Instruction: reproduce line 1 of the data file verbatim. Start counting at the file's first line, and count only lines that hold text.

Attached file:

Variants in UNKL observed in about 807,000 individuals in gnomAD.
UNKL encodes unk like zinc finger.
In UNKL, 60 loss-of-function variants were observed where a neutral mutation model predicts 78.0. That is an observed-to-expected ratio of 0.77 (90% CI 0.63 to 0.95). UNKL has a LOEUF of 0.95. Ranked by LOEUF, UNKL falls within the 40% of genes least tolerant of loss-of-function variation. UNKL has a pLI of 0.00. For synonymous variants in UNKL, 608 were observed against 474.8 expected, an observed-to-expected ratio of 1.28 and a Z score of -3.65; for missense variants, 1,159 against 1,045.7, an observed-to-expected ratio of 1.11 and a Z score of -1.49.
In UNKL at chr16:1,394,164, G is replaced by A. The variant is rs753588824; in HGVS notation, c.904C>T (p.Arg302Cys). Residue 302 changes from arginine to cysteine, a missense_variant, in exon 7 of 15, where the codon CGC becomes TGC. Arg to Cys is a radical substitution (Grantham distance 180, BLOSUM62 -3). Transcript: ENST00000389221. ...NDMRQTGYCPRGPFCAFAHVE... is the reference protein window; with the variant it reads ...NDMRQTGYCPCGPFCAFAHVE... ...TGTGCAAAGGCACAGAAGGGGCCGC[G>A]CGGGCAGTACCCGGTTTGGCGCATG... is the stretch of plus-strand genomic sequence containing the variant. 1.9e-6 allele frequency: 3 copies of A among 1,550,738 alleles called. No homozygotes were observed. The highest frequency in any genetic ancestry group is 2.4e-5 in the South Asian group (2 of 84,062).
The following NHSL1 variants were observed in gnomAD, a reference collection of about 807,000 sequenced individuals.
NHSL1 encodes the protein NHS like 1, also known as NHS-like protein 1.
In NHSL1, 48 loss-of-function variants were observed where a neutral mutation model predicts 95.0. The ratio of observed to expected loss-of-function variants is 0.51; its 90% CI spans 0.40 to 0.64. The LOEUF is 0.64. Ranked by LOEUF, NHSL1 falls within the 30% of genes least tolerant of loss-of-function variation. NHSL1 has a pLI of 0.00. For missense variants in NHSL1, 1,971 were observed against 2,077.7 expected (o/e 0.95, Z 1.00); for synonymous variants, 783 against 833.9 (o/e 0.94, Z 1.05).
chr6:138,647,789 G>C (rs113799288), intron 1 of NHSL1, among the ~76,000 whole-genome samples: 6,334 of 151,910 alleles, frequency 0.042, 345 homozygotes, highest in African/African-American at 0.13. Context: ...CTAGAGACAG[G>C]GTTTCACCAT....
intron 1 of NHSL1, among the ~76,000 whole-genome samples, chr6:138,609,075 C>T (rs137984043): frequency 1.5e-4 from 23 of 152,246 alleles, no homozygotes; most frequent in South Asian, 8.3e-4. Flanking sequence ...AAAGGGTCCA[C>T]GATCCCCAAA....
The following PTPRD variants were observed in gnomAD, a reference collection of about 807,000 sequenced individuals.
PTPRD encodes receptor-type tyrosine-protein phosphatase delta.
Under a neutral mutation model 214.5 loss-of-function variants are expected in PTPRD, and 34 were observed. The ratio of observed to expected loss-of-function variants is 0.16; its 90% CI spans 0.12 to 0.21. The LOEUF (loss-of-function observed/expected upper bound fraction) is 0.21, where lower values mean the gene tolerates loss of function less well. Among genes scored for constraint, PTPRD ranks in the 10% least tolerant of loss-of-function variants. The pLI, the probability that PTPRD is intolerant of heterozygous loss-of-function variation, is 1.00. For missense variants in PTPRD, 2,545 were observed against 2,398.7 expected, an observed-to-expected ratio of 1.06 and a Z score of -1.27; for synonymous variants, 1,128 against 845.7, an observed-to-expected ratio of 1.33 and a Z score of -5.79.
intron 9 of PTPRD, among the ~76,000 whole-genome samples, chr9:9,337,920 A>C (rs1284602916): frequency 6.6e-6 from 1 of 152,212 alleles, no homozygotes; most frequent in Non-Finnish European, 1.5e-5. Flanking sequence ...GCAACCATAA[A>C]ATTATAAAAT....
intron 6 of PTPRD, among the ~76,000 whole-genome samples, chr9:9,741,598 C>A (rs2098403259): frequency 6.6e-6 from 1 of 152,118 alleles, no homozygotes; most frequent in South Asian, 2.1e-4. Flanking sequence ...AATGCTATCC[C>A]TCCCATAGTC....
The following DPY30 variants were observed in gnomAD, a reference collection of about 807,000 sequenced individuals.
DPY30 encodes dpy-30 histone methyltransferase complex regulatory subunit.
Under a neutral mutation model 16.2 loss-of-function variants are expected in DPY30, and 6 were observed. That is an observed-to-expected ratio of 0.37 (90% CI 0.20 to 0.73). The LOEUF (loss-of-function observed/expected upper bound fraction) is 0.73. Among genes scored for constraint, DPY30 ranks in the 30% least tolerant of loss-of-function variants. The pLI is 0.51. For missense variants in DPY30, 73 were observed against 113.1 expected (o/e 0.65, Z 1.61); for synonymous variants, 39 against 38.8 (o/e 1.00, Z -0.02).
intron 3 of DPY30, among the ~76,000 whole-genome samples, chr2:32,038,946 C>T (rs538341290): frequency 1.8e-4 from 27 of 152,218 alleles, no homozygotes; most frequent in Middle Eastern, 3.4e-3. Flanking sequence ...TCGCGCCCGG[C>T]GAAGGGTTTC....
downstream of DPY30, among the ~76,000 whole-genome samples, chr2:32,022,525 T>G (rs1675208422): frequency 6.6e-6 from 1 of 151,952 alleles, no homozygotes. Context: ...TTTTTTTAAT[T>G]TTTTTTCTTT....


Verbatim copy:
Variants in UNKL observed in about 807,000 individuals in gnomAD.